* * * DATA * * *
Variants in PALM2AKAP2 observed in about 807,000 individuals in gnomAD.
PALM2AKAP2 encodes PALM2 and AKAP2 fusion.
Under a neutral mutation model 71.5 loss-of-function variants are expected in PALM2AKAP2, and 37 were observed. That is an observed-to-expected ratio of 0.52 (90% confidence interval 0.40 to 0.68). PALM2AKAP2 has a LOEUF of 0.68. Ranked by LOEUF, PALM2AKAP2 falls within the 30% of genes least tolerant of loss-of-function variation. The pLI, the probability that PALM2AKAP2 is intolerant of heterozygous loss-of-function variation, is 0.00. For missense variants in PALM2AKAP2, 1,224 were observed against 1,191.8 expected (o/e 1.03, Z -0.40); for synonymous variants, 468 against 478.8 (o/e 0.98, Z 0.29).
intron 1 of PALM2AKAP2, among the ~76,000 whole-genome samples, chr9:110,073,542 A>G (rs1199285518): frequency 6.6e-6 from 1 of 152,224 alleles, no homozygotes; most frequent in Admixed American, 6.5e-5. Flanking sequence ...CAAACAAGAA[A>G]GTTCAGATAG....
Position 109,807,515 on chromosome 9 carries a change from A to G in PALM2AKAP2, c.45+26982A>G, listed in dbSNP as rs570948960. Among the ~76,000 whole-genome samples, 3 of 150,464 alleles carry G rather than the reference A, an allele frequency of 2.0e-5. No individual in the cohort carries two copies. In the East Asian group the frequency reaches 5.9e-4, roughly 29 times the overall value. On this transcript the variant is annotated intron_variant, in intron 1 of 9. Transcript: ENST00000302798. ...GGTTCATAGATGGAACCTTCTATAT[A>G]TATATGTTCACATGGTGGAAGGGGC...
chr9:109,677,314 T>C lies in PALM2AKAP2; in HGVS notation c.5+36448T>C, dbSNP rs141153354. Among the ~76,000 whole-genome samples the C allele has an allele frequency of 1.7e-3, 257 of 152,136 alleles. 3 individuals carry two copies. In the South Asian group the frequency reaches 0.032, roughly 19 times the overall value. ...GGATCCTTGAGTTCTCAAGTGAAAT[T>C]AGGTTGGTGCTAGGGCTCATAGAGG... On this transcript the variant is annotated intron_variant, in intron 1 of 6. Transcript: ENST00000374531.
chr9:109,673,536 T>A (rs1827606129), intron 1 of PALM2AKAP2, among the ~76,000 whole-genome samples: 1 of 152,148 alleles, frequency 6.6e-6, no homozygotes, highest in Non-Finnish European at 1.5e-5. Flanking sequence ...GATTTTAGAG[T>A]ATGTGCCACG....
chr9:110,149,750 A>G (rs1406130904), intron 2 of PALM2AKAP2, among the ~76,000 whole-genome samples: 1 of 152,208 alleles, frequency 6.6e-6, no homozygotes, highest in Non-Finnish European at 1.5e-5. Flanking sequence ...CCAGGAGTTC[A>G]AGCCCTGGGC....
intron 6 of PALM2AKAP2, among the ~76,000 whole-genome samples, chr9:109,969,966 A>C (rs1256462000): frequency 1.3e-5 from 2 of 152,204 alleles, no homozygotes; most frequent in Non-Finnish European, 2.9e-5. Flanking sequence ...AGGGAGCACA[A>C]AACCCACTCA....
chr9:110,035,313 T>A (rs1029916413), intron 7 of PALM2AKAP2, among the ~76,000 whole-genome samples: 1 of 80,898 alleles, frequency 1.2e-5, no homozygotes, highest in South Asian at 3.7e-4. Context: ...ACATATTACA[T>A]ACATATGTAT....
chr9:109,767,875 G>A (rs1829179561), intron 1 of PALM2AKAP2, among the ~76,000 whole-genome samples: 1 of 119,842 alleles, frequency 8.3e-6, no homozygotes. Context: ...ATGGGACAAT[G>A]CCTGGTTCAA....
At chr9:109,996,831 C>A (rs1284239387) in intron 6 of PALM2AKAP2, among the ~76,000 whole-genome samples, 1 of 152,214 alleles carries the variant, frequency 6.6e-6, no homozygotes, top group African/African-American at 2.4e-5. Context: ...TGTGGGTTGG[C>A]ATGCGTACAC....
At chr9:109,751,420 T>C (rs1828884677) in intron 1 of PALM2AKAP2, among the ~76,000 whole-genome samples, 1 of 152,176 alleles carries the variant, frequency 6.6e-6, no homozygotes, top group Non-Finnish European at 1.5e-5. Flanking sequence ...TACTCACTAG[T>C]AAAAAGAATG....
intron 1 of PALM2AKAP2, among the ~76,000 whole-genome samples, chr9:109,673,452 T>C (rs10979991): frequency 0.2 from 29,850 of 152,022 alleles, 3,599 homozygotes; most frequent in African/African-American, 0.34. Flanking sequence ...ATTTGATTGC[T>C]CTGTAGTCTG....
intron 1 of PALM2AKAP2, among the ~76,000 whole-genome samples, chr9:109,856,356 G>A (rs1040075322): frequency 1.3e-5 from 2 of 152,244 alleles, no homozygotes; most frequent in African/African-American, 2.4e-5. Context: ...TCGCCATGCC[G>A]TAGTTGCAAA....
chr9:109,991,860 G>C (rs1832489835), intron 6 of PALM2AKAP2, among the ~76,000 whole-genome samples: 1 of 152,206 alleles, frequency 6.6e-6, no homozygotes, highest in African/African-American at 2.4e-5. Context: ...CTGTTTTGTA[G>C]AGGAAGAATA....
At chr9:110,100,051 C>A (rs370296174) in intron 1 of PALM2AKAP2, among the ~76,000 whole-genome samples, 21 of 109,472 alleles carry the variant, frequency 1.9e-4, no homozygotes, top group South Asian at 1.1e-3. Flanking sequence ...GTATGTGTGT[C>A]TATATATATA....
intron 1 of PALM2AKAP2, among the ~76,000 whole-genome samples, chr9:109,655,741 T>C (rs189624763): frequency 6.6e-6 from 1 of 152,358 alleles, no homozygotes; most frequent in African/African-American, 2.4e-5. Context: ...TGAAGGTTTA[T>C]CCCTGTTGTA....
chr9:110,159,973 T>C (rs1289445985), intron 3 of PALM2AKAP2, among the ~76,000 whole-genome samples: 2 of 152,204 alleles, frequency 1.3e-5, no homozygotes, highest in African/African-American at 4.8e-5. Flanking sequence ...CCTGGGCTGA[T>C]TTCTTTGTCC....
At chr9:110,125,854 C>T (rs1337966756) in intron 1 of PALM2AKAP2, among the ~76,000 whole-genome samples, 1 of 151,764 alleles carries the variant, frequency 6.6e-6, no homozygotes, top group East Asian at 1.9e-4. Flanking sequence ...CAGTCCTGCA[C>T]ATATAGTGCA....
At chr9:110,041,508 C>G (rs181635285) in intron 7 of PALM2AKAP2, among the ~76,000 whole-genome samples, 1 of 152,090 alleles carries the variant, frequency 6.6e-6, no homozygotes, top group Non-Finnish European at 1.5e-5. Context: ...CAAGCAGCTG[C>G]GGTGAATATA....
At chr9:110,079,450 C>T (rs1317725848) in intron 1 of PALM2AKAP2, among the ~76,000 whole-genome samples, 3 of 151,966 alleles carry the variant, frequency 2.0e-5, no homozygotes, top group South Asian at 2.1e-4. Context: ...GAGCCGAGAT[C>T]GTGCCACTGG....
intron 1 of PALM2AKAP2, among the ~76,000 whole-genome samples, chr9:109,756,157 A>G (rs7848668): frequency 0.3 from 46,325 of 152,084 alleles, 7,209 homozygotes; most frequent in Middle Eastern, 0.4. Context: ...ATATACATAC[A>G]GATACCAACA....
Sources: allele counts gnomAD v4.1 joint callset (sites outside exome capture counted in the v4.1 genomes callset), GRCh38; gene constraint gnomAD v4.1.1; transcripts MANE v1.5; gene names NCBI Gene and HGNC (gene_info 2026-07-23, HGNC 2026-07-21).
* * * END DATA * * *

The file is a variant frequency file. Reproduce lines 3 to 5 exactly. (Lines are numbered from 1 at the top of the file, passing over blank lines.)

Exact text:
Under a neutral mutation model 71.5 loss-of-function variants are expected in PALM2AKAP2, and 37 were observed. That is an observed-to-expected ratio of 0.52 (90% confidence interval 0.40 to 0.68). PALM2AKAP2 has a LOEUF of 0.68. Ranked by LOEUF, PALM2AKAP2 falls within the 30% of genes least tolerant of loss-of-function variation. The pLI, the probability that PALM2AKAP2 is intolerant of heterozygous loss-of-function variation, is 0.00. For missense variants in PALM2AKAP2, 1,224 were observed against 1,191.8 expected (o/e 1.03, Z -0.40); for synonymous variants, 468 against 478.8 (o/e 0.98, Z 0.29).
intron 1 of PALM2AKAP2, among the ~76,000 whole-genome samples, chr9:110,073,542 A>G (rs1199285518): frequency 6.6e-6 from 1 of 152,224 alleles, no homozygotes; most frequent in Admixed American, 6.5e-5. Flanking sequence ...CAAACAAGAA[A>G]GTTCAGATAG....
Position 109,807,515 on chromosome 9 carries a change from A to G in PALM2AKAP2, c.45+26982A>G, listed in dbSNP as rs570948960. Among the ~76,000 whole-genome samples, 3 of 150,464 alleles carry G rather than the reference A, an allele frequency of 2.0e-5. No individual in the cohort carries two copies. In the East Asian group the frequency reaches 5.9e-4, roughly 29 times the overall value. On this transcript the variant is annotated intron_variant, in intron 1 of 9. Transcript: ENST00000302798. ...GGTTCATAGATGGAACCTTCTATAT[A>G]TATATGTTCACATGGTGGAAGGGGC...